During my most recent stimming cycle, Husband opened up to his physical therapist, who revealed that she and her wife went through IVF at the same REI clinic. They decided to transfer the embryos fertilized with the younger partner's eggs into the other woman's uterus. This was perceived to offer the best of all worlds, one had a genetic connection, the other a biological one, and as both embryos successfully implanted, the boy/girl twins are full siblings. She shared that they experienced a few miscarriages and BFNs as well and offered some 'don't give up hope' encouragement. When I attended the infertility conference almost two years ago, one RE admitted that he requires a psychological evaluation for any same-sex couples seeking his services, and I called him out for engaging in a discriminatory practice. The physical therapist revealed that my RE's partner who did their treatments, asked them at least 3 or 4 times if they planed to stay together. My RE has never inquired about the status of our marriage and we engaged in a 36 hour silent treatment stand-off just last week!
While I was working in Connecticut, I cared for a patient who was serving as a surrogate for her brother and his partner. They used an anonymous egg donor, and transferred two embryos that were fertilised with sperm from each man. At the time of her visit with me, her RE had already confirmed the successful twin pregnancy. As it was still really early in my career, and this was one of my first IVF patients, I thought IVF worked that easily. I now have a much greater appreciation for the fact that only one or no embryo could have implanted. She was ten weeks along at the time of her visit, which is always my favourite time to scan, as the foetus actually looks like a baby. I've done ultrasounds with thousands of couples, but the reaction of those two men is among my fondest memories. Seven months later, I contacted the L+D Nurse Manager to request an exception to the one support person in the operating room policy. She agreed, and both dads were present during the Cesarean birth.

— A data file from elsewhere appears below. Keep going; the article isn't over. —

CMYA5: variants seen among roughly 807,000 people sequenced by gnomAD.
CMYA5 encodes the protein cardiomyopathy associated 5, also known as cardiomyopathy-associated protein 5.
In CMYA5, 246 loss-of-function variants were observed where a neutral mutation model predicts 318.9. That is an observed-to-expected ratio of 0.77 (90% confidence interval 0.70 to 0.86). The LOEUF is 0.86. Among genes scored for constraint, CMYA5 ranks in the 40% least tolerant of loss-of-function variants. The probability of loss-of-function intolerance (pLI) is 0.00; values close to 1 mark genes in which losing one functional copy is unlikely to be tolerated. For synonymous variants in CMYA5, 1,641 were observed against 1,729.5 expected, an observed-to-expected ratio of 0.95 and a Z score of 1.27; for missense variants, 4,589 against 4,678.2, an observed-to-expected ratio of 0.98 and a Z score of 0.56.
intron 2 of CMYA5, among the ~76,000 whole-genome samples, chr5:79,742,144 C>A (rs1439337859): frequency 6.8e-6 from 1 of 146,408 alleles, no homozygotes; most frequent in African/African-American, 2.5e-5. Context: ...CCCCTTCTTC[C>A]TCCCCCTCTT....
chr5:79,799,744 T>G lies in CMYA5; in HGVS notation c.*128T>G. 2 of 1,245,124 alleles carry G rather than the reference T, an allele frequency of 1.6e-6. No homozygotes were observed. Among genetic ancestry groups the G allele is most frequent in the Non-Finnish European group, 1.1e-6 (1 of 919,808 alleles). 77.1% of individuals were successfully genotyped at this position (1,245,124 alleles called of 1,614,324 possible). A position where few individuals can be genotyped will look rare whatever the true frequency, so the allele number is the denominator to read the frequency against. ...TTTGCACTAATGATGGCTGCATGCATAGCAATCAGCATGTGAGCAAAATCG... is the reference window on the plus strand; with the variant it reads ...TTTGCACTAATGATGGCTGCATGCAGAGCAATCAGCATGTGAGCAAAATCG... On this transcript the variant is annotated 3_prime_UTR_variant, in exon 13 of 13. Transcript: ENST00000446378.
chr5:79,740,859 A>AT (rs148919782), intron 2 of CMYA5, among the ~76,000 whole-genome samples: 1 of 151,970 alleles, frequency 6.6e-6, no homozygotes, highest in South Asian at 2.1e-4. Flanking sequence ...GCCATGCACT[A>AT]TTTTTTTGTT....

I know I shouldn't have such trivial concerns, but I do fear that when I go public with our IVF journey (hopefully with a pregnancy announcement) that I'll be labelled as an elitist within my own little microcosm. It is important for me to be very honest with the details; not only did we need to do IVF, but it took X number of cycles and transfers. My bet is that Myrtle's father will be the only one tactless enough to ask straight out what we've spent; but inquiring minds want to know, and it's not too hard to do the maths when you know the base price of a cycle (which doesn't include meds or many other hidden expenses). I can picture Michael Scott gossiping with our practice manager, 'well isn't it nice that she could afford IVF.' Mostly, I feel for one of our front desk receptionists. She saw me as a patient a few years ago; she had irregular cycles and her husband was diagnosed with male factor issues. I know that even if they scraped and saved for a few years, it would be a stretch to finance just one IVF cycle.
Financial resources may provide a means to obtain treatment, but money can't alone defeat infertility. No one is immune. Jimmy Fallon is right. Any couple who cannot procreate with their physical act of intimacy knows -it's awful. I've had to accept that fertility is not mine to command. So have many others.